Davis and his wife now make their home in Southern California. They have four children all grown, gone, and successful. Davis is also a published author. You can find his “Road” trilogy on Amazon here.



    Or, visit: ggordondavis.com.
     
  24. Tcar

    Tcar F1 Rookie

    You're either trying to get someone to talk about ass sniffing dogs, or...?
    To say the'A' word.
    You're getting boring.
     
  25. Texas Forever

    Texas Forever Four Time F1 World Champ
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    No. I noticed on my trip that every new RAV4 I saw looked like....

    wait for it....



    An Aztek.
     
  26. Texas Forever

    Texas Forever Four Time F1 World Champ
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    Sorry, never mean to be boring, but yes the new Toyota RAV4 reminds me of an AssTek!
     
  27. jm2

    jm2 F1 World Champ
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  28. jm2

    jm2 F1 World Champ
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    Car Design schools.
    https://robbreport.com/motors/cars/gallery/elite-schools-car-designers-2870058/artcenter-college-of-design-2/?fbclid=IwAR1dzbR1Pq6mqzMx_YrpLJ0BvPfGl9T1KpLexFWZpreAAabnjXO_QEZ5uwY
    OCTOBER 9, 2019
    At These Elite Schools, the Car Designers of Tomorrow Are Perfecting Their Craft
    There's no denying the influence these programs have on the automotive world.
    By LAURA BURSTEIN

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    Early auto manufacturers focused on functionality over aesthetics, but it wasn’t long before marques and their customers valued the automobile as much for its emotional allure as for its practicality. Before and after World War II, formal courses of study on the subject began to emerge, drawing from the disciplines of fine art, architecture and industrial design, each reflecting the culture and character of its environs. Today, transportation design is more global than ever, and with many aspiring artists in the field vying for so few coveted spots, top students flock to the handful of institutions that have produced some of the biggest names in the business. There is no denying the influence these programs have on the automotive world.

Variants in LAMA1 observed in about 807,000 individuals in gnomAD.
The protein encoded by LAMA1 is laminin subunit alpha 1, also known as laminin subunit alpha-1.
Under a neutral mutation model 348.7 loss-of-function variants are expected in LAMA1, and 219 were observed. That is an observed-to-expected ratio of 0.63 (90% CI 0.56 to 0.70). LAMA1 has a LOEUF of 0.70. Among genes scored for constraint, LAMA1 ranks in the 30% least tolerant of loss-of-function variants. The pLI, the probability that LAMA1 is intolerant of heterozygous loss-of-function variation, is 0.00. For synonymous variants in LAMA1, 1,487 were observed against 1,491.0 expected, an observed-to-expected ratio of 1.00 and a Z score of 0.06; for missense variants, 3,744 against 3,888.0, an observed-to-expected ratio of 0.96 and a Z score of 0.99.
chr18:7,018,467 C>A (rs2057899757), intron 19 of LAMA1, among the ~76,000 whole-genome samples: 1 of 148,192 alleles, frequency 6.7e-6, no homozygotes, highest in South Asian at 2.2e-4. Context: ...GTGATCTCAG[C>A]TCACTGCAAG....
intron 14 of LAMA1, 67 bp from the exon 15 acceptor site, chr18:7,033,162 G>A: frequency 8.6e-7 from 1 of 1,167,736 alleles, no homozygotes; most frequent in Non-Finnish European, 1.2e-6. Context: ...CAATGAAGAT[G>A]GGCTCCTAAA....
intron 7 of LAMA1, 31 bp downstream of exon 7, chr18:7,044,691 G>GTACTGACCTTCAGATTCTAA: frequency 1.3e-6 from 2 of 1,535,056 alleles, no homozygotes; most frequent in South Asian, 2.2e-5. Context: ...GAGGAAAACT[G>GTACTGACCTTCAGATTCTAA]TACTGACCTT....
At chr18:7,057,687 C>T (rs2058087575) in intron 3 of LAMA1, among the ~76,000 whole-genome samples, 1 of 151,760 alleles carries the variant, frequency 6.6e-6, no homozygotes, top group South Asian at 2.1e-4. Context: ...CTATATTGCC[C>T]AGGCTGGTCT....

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    Photo : Juan Posada
    ArtCenter College of Design: Pasadena, Calif.
    Founded in 1930, ArtCenter originally offered programs in advertising, publishing and industrial design. In 1948, the automotive-design program was formally organized on the school’s old campus in downtown Los Angeles and, because of its location at the epicenter of California car culture, quickly became the incubator for the industry’s top design jobs. “Back in the 1950s, this was the only game in town,” says Stewart Reed, dean of the transportation-design program. “There are other schools, but none with the legacy that ArtCenter College of Design has.”

    As for the school’s approach to the automotive arts, personal expression is at the core, according to Marek Djordjevic, an adjunct professor who designed the Rolls-Royce Phantom VII. “No aesthetic is being pushed,” he says. “Quite the contrary, the whole point of the design teaching effort is to encourage originality and individual creativity, both stylistically and conceptually. Design is the balance of art and engineering.”